In Argentina there are two important centres for experimentation: the CETC and the TACEC (in the Teatro Colón and Teatro Argentino respectively). Both were conceived as spaces that could be used to produce, promote and increase awareness of experimental contemporary art. Even though economic subsidies for productions are never sufficient, the two spaces offer artists the kind of infrastructure which is to be found in proper theatres, such as a stage, sound, lighting, set design, etc. Most composers, myself included, are more than willing to participate because these essentials are provided. Even so, not all Argentinean composers opt to base their work on experimentation.
In the case of the Great Oklahoma Theatre, I decided to adopt this approach because in terms of art theory, I have always been interested in a perspective rooted to some extent in Duchamp’s principles. The choice of objects used in the piece interacts with writing techniques that are part of what we understand as musical tradition. Notwithstanding its experimental nature, and the fact that the piece is also inspired by certain characteristics of the space itself, it is a traditionally-written composition completely based on a musical score, and could therefore also be staged in other venues.
As for the TACEC, it is an additional space at the Teatro Argentino de la Plata constructed from an area in the basement of the Sala Mayor Alberto Ginastera, where the goods lifts for the main venue are still situated. The TACEC is now a proper venue, but in 2010 using it to stage a production implied the concept of ‘intervention’ in an unconventional space. Its appearance, including its lighting and its smell, were more typical of an engine room than a conventional theatre, and these aspects were used to maximum advantage in the staging of the piece.
The Nonsense Ensemble Vocal de Solistas, which was established in 2009, is unique in Latin America and is dedicated to a modern vocal repertoire for solo artists. It comprises eight vocalists including its director, Valeria Martinelli, who directed The Grand Oklahoma Theatre. This was the first opera the ensemble ever performed. Seven of their members wrote the piece, basing it on the group’s specific characteristics.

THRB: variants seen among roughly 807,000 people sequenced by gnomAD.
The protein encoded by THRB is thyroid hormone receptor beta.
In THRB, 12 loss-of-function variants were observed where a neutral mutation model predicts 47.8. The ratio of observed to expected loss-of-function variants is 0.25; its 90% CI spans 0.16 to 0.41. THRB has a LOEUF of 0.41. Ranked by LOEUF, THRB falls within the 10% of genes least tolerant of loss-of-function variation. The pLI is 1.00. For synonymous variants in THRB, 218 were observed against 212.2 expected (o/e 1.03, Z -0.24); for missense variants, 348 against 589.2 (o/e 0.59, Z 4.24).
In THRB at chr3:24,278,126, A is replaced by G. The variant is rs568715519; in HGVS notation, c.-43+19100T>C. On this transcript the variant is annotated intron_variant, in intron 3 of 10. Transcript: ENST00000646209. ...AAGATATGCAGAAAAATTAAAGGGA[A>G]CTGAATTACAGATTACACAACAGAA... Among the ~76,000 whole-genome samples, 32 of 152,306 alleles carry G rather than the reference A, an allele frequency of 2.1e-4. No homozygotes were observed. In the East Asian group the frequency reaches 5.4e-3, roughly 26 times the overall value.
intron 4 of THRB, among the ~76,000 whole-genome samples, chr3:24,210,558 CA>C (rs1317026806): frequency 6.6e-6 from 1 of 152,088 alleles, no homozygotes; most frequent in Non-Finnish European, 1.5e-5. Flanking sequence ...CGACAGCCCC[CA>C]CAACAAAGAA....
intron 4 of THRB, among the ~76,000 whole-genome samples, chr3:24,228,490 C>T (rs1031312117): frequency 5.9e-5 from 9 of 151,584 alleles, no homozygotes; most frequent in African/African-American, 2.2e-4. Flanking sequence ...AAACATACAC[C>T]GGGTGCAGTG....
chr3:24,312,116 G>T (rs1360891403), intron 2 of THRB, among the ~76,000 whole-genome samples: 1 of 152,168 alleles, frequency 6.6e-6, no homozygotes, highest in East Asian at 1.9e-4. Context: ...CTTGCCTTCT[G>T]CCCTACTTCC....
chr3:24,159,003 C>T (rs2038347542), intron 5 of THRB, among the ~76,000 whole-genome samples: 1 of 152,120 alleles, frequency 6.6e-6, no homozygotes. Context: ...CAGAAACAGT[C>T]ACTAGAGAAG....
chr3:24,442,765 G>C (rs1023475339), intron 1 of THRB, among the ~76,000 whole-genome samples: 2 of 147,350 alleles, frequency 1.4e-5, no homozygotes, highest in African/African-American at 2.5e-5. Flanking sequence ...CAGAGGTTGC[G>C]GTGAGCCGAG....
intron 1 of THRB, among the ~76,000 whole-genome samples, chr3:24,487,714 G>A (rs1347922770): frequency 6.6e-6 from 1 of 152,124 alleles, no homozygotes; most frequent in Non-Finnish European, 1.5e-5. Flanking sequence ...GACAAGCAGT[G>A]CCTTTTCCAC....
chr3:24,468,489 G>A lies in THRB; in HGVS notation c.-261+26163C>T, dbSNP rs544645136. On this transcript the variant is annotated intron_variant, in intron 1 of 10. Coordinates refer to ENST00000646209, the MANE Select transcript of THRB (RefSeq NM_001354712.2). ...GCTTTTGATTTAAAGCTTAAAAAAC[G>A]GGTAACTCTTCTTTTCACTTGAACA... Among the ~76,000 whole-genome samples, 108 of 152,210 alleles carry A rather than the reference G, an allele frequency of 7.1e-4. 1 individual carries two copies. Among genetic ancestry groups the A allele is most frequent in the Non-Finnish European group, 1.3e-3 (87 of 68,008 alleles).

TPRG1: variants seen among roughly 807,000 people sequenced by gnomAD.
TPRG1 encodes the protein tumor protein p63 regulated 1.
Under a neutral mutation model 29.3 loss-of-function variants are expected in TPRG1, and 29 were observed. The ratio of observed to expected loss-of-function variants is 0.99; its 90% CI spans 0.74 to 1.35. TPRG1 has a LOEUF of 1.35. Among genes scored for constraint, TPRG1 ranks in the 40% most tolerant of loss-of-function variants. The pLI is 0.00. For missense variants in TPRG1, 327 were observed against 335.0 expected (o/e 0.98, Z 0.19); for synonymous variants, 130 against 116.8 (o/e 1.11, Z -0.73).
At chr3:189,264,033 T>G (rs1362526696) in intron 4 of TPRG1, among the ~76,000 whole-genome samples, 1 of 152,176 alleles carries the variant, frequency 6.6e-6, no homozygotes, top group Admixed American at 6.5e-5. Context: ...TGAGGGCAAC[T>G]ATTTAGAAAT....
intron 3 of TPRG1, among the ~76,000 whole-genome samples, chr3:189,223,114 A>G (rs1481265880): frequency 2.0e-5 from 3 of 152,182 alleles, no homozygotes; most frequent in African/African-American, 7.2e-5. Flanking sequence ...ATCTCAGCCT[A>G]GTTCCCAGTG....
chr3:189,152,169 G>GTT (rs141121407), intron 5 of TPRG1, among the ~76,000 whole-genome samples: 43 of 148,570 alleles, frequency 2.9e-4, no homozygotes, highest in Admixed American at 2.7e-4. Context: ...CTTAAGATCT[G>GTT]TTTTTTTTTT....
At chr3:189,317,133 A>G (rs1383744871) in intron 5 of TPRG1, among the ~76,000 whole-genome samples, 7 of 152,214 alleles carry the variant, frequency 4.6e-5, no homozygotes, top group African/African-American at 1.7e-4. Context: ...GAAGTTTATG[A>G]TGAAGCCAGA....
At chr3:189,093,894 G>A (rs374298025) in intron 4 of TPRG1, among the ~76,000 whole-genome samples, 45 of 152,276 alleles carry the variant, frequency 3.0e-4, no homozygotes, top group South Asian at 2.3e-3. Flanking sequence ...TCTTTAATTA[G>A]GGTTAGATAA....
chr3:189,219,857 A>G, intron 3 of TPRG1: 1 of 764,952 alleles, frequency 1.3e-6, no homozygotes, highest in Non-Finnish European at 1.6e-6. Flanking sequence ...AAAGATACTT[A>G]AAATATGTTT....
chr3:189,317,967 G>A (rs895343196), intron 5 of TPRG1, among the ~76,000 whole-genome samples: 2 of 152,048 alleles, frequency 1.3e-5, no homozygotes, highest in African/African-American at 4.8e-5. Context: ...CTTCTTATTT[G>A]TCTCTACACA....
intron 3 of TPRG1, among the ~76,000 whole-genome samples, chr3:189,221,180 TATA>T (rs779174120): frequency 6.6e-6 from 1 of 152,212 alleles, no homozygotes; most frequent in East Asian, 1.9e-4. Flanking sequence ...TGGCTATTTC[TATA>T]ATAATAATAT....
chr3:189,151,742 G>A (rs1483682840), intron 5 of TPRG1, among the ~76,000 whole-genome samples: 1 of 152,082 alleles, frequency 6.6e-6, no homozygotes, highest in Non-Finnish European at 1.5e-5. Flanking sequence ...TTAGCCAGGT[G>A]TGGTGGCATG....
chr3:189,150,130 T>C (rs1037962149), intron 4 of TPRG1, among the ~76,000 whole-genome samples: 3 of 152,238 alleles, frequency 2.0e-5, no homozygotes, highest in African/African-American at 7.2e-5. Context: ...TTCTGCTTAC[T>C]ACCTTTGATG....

Sound / Music
The first adaptation from the original was based on the dialogue and resulted in a dramatic, mainly theatrical structure. The translation of this text to music meant a reinterpretation of the original libretto which, in turn, became a new adaptation from the original dialogues, emphasising the internal monologues of the characters and inducing in them permanent changes in their physical, psychical and musical positions.
In terms of the musical composition, our work was based on four main elements:
Vocal treatment of the literary text.
Use of day-to-day objects as instruments to produce sound effects.
Extensive and conventional use of normal musical instruments.
Process of sound in real and delayed time.
The various formal and textural configurations are based on the association of sounds with the specific sources which generate them. As such, objects such as car or bicycle horns, glass goblets, corrugated hoses, megaphones, etc, represent a specific sensory material reality: the sound of air, glass, metal, water, wood, etc. Thanks to the cognitive identification of these elements, listening becomes a symbolic exercise in which the sound itself describes a ‘specific state’ which is directly or indirectly associated with the drama, thereby enhancing the various semantic elements of the text.